Trump says he thinks 2020 election will end up at Supreme Court


WASHINGTON (REUTERS) - US President Donald Trump said on Wednesday (Sept 23) he thinks the 2020 election will end up at the US Supreme Court, adding that is why it was important to have nine justices.

Trump, speaking at an event at the White House, said Republican Senator Lindsey Graham, who chairs the Senate Judiciary Committee, would not even have to hold a hearing for the Supreme Court nominee and that the process would go quickly.

"I think this will end up in the Supreme Court and I think it's very important that we have nine justices," Trump said when asked if a full complement of justices was needed to handle any challenges to the Nov 3 election between him and Democrat Joe Biden.

Trump has cast doubt on the integrity of the election, saying without evidence that the use of mail-in balloting during the coronavirus pandemic would lead to fraud.

"This scam that the Democrats are pulling, it's a scam, the scam will be before the United States Supreme Court, and I think having a 4-4 situation is not a good situation," he said.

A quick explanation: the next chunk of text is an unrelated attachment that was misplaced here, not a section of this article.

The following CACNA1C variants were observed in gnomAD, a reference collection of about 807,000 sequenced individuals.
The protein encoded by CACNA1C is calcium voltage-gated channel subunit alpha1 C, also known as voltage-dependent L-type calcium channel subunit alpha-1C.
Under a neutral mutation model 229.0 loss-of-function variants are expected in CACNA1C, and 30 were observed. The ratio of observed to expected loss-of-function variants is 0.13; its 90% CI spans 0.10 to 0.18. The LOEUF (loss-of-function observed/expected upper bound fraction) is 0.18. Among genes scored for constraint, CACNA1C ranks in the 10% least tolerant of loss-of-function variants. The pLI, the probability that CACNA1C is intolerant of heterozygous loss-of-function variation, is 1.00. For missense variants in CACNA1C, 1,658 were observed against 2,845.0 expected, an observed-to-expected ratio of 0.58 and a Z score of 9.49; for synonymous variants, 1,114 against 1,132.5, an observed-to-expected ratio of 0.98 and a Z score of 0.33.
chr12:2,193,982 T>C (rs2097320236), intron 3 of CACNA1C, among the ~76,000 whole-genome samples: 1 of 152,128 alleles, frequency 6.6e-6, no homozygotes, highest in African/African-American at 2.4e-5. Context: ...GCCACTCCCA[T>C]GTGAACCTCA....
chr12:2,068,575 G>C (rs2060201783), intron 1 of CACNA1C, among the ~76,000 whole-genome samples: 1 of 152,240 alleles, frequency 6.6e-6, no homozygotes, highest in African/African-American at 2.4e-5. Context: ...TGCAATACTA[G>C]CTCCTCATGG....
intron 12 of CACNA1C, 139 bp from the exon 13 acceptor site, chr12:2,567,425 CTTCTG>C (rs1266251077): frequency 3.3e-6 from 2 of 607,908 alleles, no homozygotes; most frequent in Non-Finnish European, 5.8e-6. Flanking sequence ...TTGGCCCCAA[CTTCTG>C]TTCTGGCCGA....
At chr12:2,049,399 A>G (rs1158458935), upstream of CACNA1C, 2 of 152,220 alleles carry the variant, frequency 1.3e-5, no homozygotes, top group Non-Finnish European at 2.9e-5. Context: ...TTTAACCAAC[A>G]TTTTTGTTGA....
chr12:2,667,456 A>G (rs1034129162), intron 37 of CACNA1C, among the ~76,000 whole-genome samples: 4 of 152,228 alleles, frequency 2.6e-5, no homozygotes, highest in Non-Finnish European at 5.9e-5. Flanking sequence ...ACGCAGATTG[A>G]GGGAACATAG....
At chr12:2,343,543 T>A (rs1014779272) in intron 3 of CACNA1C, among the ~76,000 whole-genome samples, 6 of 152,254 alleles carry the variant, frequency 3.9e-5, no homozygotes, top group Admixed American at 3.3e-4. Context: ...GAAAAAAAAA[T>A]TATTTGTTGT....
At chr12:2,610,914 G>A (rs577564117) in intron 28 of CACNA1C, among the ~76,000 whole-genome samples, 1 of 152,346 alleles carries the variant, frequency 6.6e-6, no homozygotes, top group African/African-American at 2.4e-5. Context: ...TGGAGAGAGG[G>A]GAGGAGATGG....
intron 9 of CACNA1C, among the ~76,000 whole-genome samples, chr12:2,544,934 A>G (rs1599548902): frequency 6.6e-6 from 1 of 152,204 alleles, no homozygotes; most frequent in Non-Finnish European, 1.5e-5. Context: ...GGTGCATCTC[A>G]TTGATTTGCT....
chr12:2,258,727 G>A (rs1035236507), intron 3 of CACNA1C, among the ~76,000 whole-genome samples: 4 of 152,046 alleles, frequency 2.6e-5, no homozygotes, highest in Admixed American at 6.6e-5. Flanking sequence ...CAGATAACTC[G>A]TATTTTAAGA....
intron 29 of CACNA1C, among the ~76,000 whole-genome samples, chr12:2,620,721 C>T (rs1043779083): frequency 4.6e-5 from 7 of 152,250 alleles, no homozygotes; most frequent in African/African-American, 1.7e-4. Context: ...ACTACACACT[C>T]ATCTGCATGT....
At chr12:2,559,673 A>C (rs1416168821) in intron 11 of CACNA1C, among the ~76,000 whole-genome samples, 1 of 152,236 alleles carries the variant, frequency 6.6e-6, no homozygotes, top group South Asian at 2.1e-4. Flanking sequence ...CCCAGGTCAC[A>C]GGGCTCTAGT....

Only one previous US presidential election, the 2000 contest between Republican George W. Bush and Democrat Al Gore, had its outcome determined by the Supreme Court.

Trump is moving quickly to nominate a successor to liberal Justice Ruth Bader Ginsburg, who died on Friday, and his fellow Republicans in the Senate say they could hold a vote before the election. That would seal a 6-3 conservative majority on the court.

Trump has said he will announce his pick from among a field of five women on Saturday.

On Monday, he met at the White House with Judge Amy Coney Barrett of the Chicago-based 7th US Circuit Court of Appeals, who is considered a leading contender for the job.

Asked about meeting with Judge Barbara Lagoa of the Atlanta-based 11th US Circuit Court of Appeals, Trump told reporters on Wednesday: “I don’t have a meeting planned, but she is on my list.”

Trump has already appointed two conservatives to lifetime posts on the court, Neil Gorsuch in 2017 and Brett Kavanaugh in 2018.

Supreme Court appointments require Senate confirmation, and Trump's fellow Republicans hold 53 of the chamber's 100 seats.


Senate Majority Leader Mitch McConnell has said he intends to act on any nomination Trump makes.